By ANNE WASHBURN
45 Bleecker Theatre: 45 Below, April 17 – May 8, 2004
Links: www.13p.org, www.45bleecker.com
Directed by KEN RUS SCHMOLL
Sets SUE REES
Costumes JESSICA GAFFNEY
Lighting GARIN MARSCHALL
Sound MATTHEW GIVEN
Production Stage Manager MICHELE TRAUB
Press Representative JIM BALDASSARE
(in order of appearance)
Lowell – Mark Shanahan
Sara – Heidi Schreck
Nicol/Guard – Gibson Frazier
Irene/Anonymous Woman – Kristen Kosmas
James/Bartender – Travis York
Simon/Paul – Michael Stumm
Playwright Anne Washburn’s "elusive comedy" called THE INTERNATIONALIST has the distinction of marking the inauguration of a genuinely inspiring new collective called Thirteen Playwrights, Inc., or 13P. Comprised of thirteen established writers, the initial mission of 13P is to produce one play by each member of the group. If this entrée into the competitive world of New York theater is any indication, 13P has what it takes to find the road to success here and beyond.
As to the work of the moment, THE INTERNATIONALIST, we, the spectators, are offered a wonderfully ambitious comedy that is tremendously complemented by a gifted cast. Setting her play in an unnamed European nation, Ms. Washburn has added the clever element of an invented foreign language to accentuate the otherwise banal international intrigue, and to provide Lowell, as the visiting American, kindred spirits in the form of an attentive audience as lost in this unspecified European nation as he is.
As Lowell, actor Mark Shanahan has to represent not only the befuddlement of his character, but also the general lack of comprehension that he, as well as we, experience when the rest of the characters are communicating in their native tongue. Shanahan does wonders with small facial gestures, but is just as funny when compelled to expound with grandiosity. As the center of THE INTERNATIONALIST, Lowell’s adventures, small and large, guide the action of the play. Beginning with his odd entanglements with a co-worker called Sara (smartly portrayed by Heidi Schreck), moving on to the office, where he meets folks who speak English with varying levels of verbal acuity, and reaching, finally, more or less subtle, universal conclusions, Lowell is our stalwart fellow traveler. He may not make grand journeys, internally, but he makes relatable ones.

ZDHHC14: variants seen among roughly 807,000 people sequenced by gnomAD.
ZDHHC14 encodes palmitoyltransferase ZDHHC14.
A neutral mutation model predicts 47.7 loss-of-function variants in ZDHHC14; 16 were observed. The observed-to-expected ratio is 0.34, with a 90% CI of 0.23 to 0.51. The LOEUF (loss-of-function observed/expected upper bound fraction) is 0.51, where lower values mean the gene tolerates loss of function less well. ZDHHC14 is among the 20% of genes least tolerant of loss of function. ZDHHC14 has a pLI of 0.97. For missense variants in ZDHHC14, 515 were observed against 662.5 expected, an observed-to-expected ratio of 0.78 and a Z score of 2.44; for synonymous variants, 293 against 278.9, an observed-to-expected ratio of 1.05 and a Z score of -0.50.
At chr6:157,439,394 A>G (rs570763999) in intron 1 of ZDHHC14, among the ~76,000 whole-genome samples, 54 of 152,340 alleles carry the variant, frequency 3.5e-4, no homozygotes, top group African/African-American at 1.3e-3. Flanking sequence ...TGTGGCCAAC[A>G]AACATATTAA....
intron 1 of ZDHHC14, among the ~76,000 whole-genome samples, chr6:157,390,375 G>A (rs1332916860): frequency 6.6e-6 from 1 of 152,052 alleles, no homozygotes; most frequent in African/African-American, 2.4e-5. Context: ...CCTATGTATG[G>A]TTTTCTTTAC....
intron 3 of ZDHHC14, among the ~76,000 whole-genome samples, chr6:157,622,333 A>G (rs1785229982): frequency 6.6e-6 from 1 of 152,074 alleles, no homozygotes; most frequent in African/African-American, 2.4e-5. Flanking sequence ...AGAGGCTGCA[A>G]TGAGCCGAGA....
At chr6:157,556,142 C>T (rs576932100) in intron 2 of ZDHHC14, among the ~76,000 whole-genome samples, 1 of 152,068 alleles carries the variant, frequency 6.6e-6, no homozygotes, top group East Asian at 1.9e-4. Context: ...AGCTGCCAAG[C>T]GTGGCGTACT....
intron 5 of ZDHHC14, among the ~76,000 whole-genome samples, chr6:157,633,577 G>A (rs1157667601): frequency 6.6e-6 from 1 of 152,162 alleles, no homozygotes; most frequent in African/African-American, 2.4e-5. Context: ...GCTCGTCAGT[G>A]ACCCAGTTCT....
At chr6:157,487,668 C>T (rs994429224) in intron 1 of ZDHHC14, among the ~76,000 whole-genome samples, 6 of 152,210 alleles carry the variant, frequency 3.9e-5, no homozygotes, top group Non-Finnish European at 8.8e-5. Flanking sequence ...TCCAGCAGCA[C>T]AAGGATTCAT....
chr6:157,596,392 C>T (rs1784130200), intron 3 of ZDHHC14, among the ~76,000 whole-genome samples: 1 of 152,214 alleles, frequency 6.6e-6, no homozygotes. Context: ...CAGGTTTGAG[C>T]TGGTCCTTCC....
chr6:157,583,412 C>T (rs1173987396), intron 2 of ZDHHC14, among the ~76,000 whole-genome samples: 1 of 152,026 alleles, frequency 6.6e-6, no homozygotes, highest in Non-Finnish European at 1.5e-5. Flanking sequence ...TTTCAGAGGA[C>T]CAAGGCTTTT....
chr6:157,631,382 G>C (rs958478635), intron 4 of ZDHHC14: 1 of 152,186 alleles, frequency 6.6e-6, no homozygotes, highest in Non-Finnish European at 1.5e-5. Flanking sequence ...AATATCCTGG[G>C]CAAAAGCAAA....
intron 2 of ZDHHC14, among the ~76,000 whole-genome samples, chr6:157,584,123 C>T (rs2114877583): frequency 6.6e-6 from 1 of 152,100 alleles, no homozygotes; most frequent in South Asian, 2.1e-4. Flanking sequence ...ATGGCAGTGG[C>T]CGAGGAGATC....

One of the most satisfying elements of THE INTERNATIONALIST is the vital, punchy dialogue. It drives the action, and is, in fact, the crux of the action all the way through. Well-executed by the aforementioned cast, and directed to precision by Ken Rus Schmoll, Anne Washburn’s wry script could nary be given a finer presentation off-Broadway. Teamed with a lovely set created by Sue Rees that seems quite simple at first but that contains the details of history, and all of the rest of the design elements, this is one of those productions that deserves a much longer run than it is slated for.
I often have people approach me to inquire, "What have you seen that’s good?" For the life of the run of THE INTERNATIONALIST, I have a definitive answer to satisfy all comers. Bravo 13P!
- Kessa De Santis -